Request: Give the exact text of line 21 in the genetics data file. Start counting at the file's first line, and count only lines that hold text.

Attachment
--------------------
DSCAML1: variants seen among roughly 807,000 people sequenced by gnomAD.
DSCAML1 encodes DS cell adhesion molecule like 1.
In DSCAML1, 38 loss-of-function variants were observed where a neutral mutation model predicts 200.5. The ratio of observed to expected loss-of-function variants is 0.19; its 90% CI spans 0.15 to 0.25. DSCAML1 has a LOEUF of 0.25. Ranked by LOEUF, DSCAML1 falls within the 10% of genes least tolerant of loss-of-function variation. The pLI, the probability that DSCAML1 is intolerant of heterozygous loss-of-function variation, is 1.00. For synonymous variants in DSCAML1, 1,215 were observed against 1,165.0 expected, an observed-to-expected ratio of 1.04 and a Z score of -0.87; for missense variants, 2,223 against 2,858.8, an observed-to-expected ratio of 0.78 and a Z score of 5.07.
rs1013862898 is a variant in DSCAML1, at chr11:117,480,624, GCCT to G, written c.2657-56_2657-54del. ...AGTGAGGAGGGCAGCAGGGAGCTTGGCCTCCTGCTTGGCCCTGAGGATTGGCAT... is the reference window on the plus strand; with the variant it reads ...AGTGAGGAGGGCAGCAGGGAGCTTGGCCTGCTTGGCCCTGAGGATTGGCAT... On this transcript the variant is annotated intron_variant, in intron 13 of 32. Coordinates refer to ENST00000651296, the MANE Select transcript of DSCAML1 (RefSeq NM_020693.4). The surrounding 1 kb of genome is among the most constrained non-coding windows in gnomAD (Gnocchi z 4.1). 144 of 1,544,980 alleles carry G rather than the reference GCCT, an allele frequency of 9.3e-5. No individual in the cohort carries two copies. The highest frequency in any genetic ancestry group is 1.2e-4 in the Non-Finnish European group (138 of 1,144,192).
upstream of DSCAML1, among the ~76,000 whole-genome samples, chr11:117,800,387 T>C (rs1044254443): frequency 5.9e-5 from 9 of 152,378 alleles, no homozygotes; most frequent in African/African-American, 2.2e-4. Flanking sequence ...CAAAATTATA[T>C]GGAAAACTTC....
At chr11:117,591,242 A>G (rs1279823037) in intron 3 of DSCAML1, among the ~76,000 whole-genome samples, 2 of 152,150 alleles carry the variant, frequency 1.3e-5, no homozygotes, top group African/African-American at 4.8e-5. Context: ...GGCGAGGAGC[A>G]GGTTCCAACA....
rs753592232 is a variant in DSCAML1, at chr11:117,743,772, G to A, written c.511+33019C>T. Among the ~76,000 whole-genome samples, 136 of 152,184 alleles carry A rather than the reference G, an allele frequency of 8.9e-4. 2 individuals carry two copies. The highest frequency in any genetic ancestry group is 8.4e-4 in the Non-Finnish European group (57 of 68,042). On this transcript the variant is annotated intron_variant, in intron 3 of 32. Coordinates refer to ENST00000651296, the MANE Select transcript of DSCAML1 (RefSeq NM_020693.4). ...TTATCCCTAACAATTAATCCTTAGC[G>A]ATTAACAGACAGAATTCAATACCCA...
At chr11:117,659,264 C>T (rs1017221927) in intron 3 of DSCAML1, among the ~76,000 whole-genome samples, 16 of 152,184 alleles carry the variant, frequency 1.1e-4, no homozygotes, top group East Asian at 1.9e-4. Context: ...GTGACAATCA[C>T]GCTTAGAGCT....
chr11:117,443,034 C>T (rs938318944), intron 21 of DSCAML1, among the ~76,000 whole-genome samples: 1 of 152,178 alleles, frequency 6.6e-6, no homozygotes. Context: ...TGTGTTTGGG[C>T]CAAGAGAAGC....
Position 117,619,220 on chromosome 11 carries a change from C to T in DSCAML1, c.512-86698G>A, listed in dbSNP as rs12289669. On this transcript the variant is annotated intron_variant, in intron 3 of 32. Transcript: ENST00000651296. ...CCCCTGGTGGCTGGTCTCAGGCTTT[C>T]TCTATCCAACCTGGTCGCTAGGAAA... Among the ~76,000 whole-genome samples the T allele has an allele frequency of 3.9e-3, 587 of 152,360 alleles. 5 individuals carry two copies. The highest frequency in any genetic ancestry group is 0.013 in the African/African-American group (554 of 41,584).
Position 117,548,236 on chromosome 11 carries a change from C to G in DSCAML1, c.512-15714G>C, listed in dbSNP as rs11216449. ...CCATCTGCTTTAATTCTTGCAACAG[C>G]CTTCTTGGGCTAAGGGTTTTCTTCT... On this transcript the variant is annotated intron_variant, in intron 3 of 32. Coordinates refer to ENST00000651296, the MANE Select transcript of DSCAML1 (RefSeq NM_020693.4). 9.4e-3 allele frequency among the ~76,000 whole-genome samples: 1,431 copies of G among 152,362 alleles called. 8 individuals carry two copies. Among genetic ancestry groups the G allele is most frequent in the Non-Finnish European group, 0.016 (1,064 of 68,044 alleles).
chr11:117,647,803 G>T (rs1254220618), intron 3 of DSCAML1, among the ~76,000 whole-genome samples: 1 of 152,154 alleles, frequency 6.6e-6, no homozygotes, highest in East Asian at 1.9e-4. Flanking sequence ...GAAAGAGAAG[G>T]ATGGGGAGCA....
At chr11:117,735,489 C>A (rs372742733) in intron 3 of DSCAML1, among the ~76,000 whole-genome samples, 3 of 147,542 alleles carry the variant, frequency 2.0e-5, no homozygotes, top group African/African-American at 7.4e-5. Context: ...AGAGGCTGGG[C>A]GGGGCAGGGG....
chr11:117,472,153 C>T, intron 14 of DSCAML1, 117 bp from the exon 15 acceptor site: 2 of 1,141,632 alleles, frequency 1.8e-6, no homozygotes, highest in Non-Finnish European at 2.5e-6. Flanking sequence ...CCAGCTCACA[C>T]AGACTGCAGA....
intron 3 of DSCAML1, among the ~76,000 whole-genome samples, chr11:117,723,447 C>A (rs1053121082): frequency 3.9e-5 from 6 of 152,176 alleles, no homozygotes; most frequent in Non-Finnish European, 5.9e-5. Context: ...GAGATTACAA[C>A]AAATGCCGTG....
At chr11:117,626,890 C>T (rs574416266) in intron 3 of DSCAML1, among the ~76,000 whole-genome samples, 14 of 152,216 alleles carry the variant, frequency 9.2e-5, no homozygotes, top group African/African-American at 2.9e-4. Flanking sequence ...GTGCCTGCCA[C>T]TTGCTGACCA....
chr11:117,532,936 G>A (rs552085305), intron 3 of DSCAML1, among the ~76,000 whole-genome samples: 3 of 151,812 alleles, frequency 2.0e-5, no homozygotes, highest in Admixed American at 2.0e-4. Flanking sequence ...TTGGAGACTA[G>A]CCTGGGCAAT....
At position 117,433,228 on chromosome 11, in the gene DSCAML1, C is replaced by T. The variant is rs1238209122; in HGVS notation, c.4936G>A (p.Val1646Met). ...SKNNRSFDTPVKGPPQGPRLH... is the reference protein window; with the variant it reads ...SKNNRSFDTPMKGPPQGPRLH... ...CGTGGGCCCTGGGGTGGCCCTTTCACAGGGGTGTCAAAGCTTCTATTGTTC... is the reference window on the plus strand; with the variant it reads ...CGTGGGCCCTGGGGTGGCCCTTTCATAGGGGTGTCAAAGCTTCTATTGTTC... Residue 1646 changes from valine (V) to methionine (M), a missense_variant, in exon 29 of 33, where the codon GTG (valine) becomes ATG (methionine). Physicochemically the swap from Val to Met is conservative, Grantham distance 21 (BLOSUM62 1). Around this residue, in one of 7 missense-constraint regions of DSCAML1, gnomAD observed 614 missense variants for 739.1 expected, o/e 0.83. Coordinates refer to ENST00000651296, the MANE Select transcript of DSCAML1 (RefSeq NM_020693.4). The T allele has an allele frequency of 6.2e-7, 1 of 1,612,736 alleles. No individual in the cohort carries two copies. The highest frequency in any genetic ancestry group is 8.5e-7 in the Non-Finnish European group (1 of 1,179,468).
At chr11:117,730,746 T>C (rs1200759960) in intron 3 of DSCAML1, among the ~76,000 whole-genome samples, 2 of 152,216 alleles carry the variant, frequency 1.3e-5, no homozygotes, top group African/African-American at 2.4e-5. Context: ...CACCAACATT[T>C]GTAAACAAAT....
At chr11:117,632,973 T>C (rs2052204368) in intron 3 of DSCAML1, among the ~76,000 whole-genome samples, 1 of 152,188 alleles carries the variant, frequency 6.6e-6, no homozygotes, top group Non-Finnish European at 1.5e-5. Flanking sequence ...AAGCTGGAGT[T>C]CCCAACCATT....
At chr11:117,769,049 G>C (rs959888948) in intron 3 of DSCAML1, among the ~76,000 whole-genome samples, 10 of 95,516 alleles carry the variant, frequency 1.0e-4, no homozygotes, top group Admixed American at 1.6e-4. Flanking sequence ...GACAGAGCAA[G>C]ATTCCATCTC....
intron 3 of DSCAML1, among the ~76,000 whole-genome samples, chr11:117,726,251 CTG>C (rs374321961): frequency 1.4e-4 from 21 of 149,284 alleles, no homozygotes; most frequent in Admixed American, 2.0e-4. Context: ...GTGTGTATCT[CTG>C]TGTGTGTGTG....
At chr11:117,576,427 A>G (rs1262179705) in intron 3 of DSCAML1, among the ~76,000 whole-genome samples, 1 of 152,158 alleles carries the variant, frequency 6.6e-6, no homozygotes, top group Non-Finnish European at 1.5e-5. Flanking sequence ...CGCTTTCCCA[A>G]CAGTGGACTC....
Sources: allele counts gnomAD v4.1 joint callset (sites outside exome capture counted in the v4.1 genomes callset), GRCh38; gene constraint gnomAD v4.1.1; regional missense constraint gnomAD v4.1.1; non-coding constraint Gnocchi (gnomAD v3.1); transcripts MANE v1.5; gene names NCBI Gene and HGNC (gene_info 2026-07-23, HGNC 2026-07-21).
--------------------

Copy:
At chr11:117,769,049 G>C (rs959888948) in intron 3 of DSCAML1, among the ~76,000 whole-genome samples, 10 of 95,516 alleles carry the variant, frequency 1.0e-4, no homozygotes, top group Admixed American at 1.6e-4. Flanking sequence ...GACAGAGCAA[G>C]ATTCCATCTC....